In between walks with our clients, I recently had the opportunity to work as a background actor on the Robert Pattinson/Reese Witherspoon film Water for Elephants. I was on set for five days in Valencia, California, surrounded by hundreds of extras, crew, and circus animals.Â Now don't get me wrong — I'm as big a Twilight fan as any 28-year should be (aka I'm not all 13-year-old-girl about it, but I dig those little vampires. I admit it). So imagine my surprise when the actor I couldn't take my eyes off of wasn't Rob, or Reese, or even Academy Award-winner Christoph Waltz. I was amazed, enthralled, mesmerized…with Tai. The elephant.
I'd never seen an elephant up close before. My experience was limited to trips to the Milwaukee Zoo as a little girl, where you're lucky if the animals even come out from their faux habitats to make an appearance. I don't remember having a particular affinity for elephants. When filling out my All About Me Dr. Suess book at age five, I believe I listed the Cheetah as my fave. But on a hot July day in a dusty circus tent, our eyes met. I was in love.
The most amazing thing about Tai is her professionalism. She is undeniably aware of her surroundings, and really seems to get what she is doing and why she is there.Â While shooting a scene where hundreds of extras stampede out of the circus tent, Tai didn't just not panic — she acted as if she was! Hundreds of screams didn't spook her, and she was able to pretend that she was spooked by moving her body back and forth, all the while making sure Ms. Witherspoon stayed safely on top of her. The intelligence this requires is not seen in young children. It takes a certain amount of understanding to be able to â€˜play pretend;' to know that the actions and events happening around you are not real, and that pretend danger cannot hurt you. Compared to the horses, who got spooked, broke free and nearly injured their trainer, Tai faked her freak out over and over, take after take. When the cameras stopped rolling she was completely calm.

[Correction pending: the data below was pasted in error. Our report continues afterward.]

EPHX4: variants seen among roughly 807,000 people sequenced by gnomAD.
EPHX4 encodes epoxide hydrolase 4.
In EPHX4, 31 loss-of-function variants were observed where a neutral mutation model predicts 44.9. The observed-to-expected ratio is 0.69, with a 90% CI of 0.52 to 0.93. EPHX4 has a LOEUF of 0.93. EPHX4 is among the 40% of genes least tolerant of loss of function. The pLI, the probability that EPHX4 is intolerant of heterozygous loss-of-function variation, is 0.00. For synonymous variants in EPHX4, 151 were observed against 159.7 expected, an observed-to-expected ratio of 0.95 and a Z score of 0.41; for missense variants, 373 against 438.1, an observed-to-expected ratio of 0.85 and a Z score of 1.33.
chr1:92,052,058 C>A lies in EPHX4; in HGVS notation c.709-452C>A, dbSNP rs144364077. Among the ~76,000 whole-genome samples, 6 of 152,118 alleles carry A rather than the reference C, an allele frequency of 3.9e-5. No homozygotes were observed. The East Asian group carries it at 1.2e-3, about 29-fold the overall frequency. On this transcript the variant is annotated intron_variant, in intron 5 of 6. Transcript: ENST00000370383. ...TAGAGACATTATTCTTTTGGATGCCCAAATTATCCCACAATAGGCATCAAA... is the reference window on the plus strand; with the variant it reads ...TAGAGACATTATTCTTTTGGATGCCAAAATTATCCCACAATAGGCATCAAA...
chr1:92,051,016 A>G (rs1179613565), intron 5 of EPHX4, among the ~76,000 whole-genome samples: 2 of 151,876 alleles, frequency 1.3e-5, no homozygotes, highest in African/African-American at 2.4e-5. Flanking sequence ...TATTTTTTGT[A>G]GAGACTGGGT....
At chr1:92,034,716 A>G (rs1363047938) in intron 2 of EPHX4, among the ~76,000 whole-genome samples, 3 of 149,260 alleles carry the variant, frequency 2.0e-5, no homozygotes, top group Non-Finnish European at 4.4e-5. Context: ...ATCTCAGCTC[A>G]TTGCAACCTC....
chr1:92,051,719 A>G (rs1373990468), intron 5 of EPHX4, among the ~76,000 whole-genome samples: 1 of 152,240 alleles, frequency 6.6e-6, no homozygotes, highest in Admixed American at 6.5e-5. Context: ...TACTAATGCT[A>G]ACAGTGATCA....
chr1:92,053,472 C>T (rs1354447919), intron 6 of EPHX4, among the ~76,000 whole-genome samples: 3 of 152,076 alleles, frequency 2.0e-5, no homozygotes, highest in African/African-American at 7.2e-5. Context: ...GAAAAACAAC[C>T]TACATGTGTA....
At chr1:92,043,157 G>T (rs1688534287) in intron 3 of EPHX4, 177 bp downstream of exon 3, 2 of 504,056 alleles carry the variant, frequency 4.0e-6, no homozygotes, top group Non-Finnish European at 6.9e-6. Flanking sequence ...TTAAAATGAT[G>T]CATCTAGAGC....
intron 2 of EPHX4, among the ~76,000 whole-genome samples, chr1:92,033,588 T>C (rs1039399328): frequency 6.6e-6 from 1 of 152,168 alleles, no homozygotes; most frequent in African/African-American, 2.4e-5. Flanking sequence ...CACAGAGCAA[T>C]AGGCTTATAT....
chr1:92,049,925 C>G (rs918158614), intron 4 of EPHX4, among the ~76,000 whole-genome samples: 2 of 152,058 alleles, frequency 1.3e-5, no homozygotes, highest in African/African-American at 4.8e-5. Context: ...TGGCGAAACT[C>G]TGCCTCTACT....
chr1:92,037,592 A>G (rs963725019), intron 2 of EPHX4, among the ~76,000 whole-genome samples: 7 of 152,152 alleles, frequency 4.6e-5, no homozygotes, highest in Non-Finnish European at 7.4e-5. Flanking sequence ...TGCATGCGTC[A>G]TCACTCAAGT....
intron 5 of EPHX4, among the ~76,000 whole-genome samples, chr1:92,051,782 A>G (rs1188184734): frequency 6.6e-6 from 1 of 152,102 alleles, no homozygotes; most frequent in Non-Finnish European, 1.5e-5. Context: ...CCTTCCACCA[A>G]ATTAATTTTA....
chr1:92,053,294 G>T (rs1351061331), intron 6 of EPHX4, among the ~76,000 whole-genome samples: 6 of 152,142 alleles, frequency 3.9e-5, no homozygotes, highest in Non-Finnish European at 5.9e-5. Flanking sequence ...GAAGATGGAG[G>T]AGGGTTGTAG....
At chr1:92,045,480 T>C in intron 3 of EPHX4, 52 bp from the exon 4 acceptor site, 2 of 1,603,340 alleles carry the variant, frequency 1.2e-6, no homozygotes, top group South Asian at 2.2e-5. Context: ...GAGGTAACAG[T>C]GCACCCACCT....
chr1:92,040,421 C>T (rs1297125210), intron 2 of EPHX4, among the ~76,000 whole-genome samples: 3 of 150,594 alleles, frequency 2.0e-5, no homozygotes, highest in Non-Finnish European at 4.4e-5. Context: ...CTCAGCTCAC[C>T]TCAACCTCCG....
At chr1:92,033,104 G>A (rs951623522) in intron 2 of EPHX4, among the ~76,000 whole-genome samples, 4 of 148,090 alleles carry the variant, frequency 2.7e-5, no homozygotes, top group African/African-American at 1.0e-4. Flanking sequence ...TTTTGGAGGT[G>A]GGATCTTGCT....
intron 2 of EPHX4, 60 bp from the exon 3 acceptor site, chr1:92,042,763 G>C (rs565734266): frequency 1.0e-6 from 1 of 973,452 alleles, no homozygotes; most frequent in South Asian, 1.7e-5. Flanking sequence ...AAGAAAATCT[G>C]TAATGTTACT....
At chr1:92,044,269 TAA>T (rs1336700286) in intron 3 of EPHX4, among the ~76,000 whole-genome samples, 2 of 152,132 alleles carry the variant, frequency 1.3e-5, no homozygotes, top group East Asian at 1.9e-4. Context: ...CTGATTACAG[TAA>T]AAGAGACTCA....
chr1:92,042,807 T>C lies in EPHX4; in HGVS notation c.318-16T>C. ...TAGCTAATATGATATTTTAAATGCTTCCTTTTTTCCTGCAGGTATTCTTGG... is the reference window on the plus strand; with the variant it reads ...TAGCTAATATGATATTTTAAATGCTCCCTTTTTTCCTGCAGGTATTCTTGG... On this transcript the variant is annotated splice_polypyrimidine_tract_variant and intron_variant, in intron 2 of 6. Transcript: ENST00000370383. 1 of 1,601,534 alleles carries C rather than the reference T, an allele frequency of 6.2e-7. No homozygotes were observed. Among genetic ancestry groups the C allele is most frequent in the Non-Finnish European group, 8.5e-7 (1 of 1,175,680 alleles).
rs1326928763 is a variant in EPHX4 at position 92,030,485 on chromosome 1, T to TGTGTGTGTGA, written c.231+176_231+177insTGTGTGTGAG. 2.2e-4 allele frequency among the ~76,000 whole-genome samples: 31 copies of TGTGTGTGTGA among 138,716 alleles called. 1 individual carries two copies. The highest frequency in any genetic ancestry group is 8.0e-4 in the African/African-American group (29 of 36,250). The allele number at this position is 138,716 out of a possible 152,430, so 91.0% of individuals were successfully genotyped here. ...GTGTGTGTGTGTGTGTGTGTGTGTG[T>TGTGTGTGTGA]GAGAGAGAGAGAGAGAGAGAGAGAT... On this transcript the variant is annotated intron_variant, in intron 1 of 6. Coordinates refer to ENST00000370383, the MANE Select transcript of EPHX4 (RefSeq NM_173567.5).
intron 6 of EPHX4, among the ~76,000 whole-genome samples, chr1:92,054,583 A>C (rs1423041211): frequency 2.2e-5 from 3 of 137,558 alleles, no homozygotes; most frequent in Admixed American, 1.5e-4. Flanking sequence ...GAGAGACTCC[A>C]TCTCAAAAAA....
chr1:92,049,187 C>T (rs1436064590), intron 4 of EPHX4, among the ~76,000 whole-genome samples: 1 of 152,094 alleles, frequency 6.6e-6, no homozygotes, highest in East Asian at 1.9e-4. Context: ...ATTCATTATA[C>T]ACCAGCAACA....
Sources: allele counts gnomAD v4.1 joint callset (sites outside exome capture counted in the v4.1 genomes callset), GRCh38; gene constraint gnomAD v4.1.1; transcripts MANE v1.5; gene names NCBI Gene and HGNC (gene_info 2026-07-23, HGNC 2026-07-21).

Many times between takes Tai would curl her trunk up into her mouth, creating a sort of cinnamon roll, thumb-sucking picture.Â I thought dogs were cute until I saw the trunk-in-mouth. We asked one of Tai's trainers why she did this, and they explained that it was comparable to a person crossing theirs arms across their chest — its comfortable.
As friendly as Tai was with everyone on sit, she truly had an undeniable connection with the film’s star, Robert Pattinson. In between takes when Pattinson would give Tai an affectionate pat, Tai would tip her head, rubbing it against the actor in a gesture of intimacy that none of the other actors seemed to enjoy.
In addition to Water for Elephants, Tai has appeared on over 20 films, numerous television commercials and live events.